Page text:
Netfilx, December 1st
Voyeur is a documentary based on journalist Gay Talese's New Yorker essay and the controversial book born from it. It is the story of motel owner Gerald Foos who would spy on his customers through vents and peep-holes he made above their rooms. He also managed to convince both of his wives to participate or aid him in his "social experiment" to observe his guests sexual relations and take notes.
Foos reached out to Talese in the 1980s as he was a grandiose writer known for his interest in the sexual revolution and the private peccadilloes of the public. Foos wanted his logs and findings to be taken seriously and thought Talese was the man to help him in a quest to be the kinkier Kinsey.
The documentary is the two telling their tale together for the first time with twists and turns that pose questions about the nature of truth in journalism, manipulation, ownership of stories and exploitation. A fascinating conversation where the secrets of the dark become truly illuminating.
Netflix, December 1st
On the surface, the German series Dark seems to have traces of another Netflix hit under its fingernails. Set in a small town it centres on the disappearance of children in a place that is under the shadow of a foreboding nuclear power plant. With its ensemble cast of young actors it could be easily dismissed as Stranger Things' sombre twin from the European Upside-Down.
Although Dark is a much more serious affair, there's no campy, retro stylings, no Goonies-ish one-liners, no Steve with his gloriously distracting mane, its supernatural scares are soaked in a disturbing realism.
These are children dealing with the wreckage left behind after the adults in their lives fall apart through suicide and unhappy marriages and then there's the strong inescapable fear of nuclear disaster at their doorstep. A modern Grimm's fairy tale with a complex, challenging structure, Dark could be Netflix's creepy Christmas cracker.
Netflix, December 1st
Mumblecore King Joe Swanberg's sexy sitcom was a sleeper hit for Netflix in late 2016 and now it's getting a second season. This time around the cast has been expanded to include even more famous faces such as Aubrey Plaza and Kate Berlant who join returning cast members such as Dave Franco and comedian Marc Maron -although it is unclear if they will be playing the characters from the previous season.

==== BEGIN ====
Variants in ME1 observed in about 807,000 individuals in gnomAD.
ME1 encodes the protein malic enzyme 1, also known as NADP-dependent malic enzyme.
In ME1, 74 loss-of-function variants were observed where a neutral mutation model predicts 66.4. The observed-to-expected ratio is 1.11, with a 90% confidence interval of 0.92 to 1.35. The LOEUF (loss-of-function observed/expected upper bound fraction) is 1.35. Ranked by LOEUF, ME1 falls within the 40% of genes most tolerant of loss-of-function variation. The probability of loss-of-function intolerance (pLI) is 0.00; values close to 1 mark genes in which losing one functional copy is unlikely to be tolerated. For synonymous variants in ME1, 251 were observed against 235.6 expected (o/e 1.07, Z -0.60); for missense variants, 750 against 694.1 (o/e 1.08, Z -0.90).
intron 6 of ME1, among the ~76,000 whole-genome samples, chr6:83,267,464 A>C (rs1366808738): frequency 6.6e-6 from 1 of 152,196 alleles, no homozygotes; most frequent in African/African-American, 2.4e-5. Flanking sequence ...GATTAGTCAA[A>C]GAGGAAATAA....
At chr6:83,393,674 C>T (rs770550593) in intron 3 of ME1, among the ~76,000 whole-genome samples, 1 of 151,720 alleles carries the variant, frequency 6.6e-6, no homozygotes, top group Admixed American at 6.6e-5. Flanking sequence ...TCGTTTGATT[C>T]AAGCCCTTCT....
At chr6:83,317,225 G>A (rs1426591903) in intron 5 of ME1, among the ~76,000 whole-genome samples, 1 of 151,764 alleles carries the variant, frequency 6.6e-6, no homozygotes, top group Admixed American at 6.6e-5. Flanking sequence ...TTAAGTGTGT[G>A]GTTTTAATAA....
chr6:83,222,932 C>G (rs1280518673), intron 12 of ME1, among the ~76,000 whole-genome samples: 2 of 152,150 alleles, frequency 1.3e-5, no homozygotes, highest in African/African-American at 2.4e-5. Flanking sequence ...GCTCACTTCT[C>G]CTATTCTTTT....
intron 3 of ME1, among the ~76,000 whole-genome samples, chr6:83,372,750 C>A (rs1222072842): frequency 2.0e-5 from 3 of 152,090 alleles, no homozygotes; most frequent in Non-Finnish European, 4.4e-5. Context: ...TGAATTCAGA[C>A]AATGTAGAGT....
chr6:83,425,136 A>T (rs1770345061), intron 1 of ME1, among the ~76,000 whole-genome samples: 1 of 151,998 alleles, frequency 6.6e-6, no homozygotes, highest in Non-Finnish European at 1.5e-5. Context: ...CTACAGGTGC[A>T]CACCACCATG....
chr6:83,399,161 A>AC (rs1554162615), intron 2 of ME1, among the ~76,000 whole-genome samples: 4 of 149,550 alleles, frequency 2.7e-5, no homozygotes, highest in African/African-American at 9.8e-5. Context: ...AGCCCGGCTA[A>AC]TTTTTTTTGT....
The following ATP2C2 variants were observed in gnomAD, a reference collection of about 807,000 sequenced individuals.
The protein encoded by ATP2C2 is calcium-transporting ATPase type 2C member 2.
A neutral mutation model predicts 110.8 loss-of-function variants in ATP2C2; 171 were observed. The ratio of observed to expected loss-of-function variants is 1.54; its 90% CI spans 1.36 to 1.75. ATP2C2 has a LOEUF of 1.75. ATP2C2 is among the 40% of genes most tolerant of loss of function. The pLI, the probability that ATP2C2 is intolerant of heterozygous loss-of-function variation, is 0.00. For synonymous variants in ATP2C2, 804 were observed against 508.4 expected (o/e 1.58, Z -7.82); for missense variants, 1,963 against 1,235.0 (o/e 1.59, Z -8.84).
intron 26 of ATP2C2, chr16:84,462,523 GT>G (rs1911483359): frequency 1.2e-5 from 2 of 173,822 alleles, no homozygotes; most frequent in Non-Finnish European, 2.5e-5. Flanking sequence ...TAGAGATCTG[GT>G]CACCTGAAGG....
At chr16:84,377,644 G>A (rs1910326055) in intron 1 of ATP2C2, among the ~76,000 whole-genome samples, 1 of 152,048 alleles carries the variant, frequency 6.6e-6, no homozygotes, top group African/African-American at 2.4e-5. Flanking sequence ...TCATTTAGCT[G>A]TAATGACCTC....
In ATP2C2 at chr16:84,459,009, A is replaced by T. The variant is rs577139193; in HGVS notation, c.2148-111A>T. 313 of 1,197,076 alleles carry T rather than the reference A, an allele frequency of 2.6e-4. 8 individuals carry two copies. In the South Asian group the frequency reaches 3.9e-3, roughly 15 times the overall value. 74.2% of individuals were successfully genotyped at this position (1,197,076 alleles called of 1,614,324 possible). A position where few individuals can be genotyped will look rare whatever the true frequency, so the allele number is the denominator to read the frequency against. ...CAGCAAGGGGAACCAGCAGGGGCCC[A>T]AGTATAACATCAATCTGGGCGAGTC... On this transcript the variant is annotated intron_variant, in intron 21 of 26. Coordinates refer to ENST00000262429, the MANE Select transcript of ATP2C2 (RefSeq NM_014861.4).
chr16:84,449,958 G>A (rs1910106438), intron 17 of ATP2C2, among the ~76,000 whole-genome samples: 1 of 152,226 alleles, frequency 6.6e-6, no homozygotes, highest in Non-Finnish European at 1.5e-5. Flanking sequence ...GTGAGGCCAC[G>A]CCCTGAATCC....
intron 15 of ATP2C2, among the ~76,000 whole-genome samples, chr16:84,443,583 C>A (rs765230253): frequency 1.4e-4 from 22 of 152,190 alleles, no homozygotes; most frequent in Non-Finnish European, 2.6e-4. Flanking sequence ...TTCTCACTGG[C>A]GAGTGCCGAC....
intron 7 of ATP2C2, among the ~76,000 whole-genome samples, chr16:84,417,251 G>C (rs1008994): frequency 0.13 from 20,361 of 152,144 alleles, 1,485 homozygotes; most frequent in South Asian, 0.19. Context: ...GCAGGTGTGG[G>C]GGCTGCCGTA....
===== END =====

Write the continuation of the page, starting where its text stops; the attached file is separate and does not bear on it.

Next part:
The episodic anthology series focuses on an individual character's story, all from different walks of life in modern day Chicago, all who are grappling with longing, lust and the usual headaches of urban living. These stories are part gossipy anecdotes, part New Yorker modern love tales that form a refreshing, realistic portrait of the rough and tumble of relationships far removed from the usual staid rom-com fare.
Netflix, December 8th
Will Meghan Markle get to play herself in future episodes of The Crown or will Lea Michele or Demi Lovato be drafted in with Eddie Redmayne having to making himself less posh to inhabit the role of the playboy prince?
Peter Morgan may be furiously Googling red-haired actors but before all that, the second season of his highly acclaimed royal costume drama has arrived just in time for some seasonal bingeing.
The Crown has now taken its place as the real jewel of Netflix (after House of Cards came toppling down in dramatic fashion) being an overwhelming audience hit and critical darling with Claire Foy's depiction of Queen Elizabeth II winning rave reviews and scooping up countless prizes this awards season. This was no debutante fluke as the second series continues its resplendent reign.
This time around Queenie is in a spot of bother as the series deals with the monarch becoming more challenging to those around her but also ever more solitary. It focuses on a tumultuous period in her relationship with puffed-up public schoolboy Prince Philip (Matt Smith) who is growing unhappy playing the invisible husband to a wife who is married to duty.